7. Royal Theatre
The Royal Theatre is a beautiful building. It’s still used and you can watch performances here twice a day for an additional fee. Enquire when you buy your entrance tickets. When it’s not in use, you can still go inside and look at the displays of theatrical instruments and costumes.
Directions: Head out east to a main walkway. There’s an entrance gate from here to the gardens just further up.
8. Co Ha Gardens
The Co Ha Gardens are always a peaceful part of the gardens, though there is little shade so it can be hot. There’s a lovely pavilion overlooking a lake in the centre, and there’s also a viewpoint up a small path by a tree in the northeast corner.
Directions: Leave the gardens the way you came in and turn right along the walkway. This leads to the Back Lake and as you turn left you’ll see the Tu Vo Phuong Pavillion across the water to your right.
9. Tu Vo Phuong Pavillion
Tu Vo Phuong Pavillion is at the far end of Hue Imperial City, across a lake and just before the defensive walls and outer moat.
Directions: Continue on the route along the lake. Turn left and there’s an entrance gate to the next stop almost immediately on your right.
10. Truong San Residence
In the peaceful northwest corner, the Truong San Residence sees few visitors but is a lovely spot. It’s surrounded by a wall with a beautiful entrance gate and then a winding moat on the inside.
Directions: Leave this walled area and turn right. Take the next right and you’ll be in the Dien Tho Residence.
11. Dien Tho Residence
The Queen Mother lived here and it’s been mainly restored, though there are still signs of a large fire. Some of the large halls now contain exhibits and photos and you can see luxurious clothing. There’s a cafe within this complex, a beautiful spot by a pond full of lilies.
Directions: Leave the complex and turn right. Take the next right and you’ll soon see an impressive gate on your left.
12. Mieu Temple Complex
In the southwest corner, a collection of temples. The Mieu Temple Complex has been almost entirely restored and is a very beautiful area of Hue Imperial City. Don’t miss the nine large bronze urns between the temples. These are each dedicated to one of the nine Nguyen Dynasty Emporers and date from 1835.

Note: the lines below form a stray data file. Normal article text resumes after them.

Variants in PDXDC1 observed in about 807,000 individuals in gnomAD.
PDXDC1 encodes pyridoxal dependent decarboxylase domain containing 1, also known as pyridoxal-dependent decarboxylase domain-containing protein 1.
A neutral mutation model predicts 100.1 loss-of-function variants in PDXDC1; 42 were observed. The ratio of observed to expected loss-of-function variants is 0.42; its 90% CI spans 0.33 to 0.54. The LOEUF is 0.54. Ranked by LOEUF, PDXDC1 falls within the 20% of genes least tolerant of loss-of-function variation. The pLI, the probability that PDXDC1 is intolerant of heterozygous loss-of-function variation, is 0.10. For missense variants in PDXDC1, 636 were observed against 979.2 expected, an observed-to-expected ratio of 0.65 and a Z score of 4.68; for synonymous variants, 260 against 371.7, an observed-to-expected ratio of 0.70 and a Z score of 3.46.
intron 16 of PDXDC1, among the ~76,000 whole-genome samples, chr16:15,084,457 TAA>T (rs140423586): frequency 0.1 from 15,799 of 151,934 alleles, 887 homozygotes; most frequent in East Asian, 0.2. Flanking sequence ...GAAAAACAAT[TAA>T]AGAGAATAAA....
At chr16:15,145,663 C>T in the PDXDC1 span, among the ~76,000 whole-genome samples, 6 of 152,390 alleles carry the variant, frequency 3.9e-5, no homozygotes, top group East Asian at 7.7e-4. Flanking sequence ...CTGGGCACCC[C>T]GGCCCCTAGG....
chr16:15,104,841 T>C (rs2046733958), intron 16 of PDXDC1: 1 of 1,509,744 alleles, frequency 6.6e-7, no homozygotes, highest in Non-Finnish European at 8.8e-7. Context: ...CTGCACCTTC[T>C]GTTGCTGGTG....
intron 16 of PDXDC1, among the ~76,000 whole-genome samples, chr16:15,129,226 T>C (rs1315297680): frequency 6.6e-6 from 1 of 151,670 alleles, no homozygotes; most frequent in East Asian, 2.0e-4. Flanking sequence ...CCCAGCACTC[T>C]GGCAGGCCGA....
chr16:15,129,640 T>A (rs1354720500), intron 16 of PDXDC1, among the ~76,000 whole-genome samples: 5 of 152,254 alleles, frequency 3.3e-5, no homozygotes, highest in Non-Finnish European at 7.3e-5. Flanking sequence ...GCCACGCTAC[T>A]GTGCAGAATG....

Directions: After passing through the temples, leave the area through the southern gate. Head left and walk back through the centre of the area. Walk along the main route heading to the eastern gate (Hien Nhon Gate). You’ll see the Royal Treasury on your left.
13. Royal Treasury
Look at this dilapidated building from the outside.
Directions: The Hien Nhon Gate is at the end of the walkway.
14. Hien Nhon Gate
An ornate gate on the eastern edge of Hue Imperial City. You can leave but not enter here.
Directions: Leave the Imperial City through the gate and across the moat. Turn right then take the next left to reach the Museum.
15. Museum of Royal Antiquities
A museum associated with the Imperial City, displaying various royal items, from chairs to clothing and jewellery.
Directions: The Museum is the last stop on this Hue Imperial City Walking Tour. To return to the ticket office, head back to the moat and follow it left. Else walk or hail a taxi to take you onwards.
Other Things to do in Hue
- Visit the Royal Tombs scattered in the countryside to the south of the city.
- Go on a boat ride along the Perfume River.
- Visit the market on Churong Durong Street.
- Stroll along the Perfume River.
Moving on from Hue
If you’re heading north, why not visit the spectacular countryside of Ninh Binh. You can easily reach Ninh Binh or Hanoi on the train from Hue, with the journey times about 11 and 13 hours respectively. The overnight trains are relatively comfortable, save time and also save one night’s accommodation. It’s easiest to book on 12GoAsia* since you have to have a Vietnamese credit card to book on the official website.
From Hue, if you’re heading south then Hoi An is a common next stop. Public transport between the two cities is not that convenient. It’s much more popular to book a car or motorbike with a driver* and be driven between the cities via the Hải Vân Pass.
For more ideas of where to go next, check out our Vietnam Guide.
Guidebooks to explore more of Vietnam
Useful things for a holiday in Vietnam
- Travel Insurance: we use SafetyWing*, it’s simple to buy online and they have a downloadable letter proving you have travel insurance which includes Covid-related issues
- Travel Debit Card: we have Wise Cards* which allow you to cheaply convert most currencies into Vietnamese Dong. You can then pay by card within the country for no extra fees, or withdraw cash from an ATM.
- We booked train travel in Vietnam through 12GoAsia*. They charge a few extra dollars in commission, but to book directly on the official website you must have a Vietnamese credit card.
FAQS: Hue Imperial City Walking Tour
The Imperial City of Hue is important because it was the capital of Vietnam for almost 150 years, from 1802 to 1945 during the Nguyễn dynasty. The Emporer lived here in the historic city complex and several royal tombs dot the surrounding countryside.
Hue imperial city covers an area of about 700 metres by 700 metres. The moat around the City is about 2.5 km long. It takes at least half a day to explore.
Hue in Vietnam is known for its historic Imperial City and the Royal Tombs which dot the surrounding countryside.
Hue Imperial City is on the north side of the Perfume River in Hue, a city in central Vietnam. It’s about 120 km, or 3 hours drive, north of Hoi An.
Hue was the capital of the central region of Vietnam from 1738 to 1775, and later the capital of all of Vietnam from 1802 to 1945 during the Nguyễn dynasty.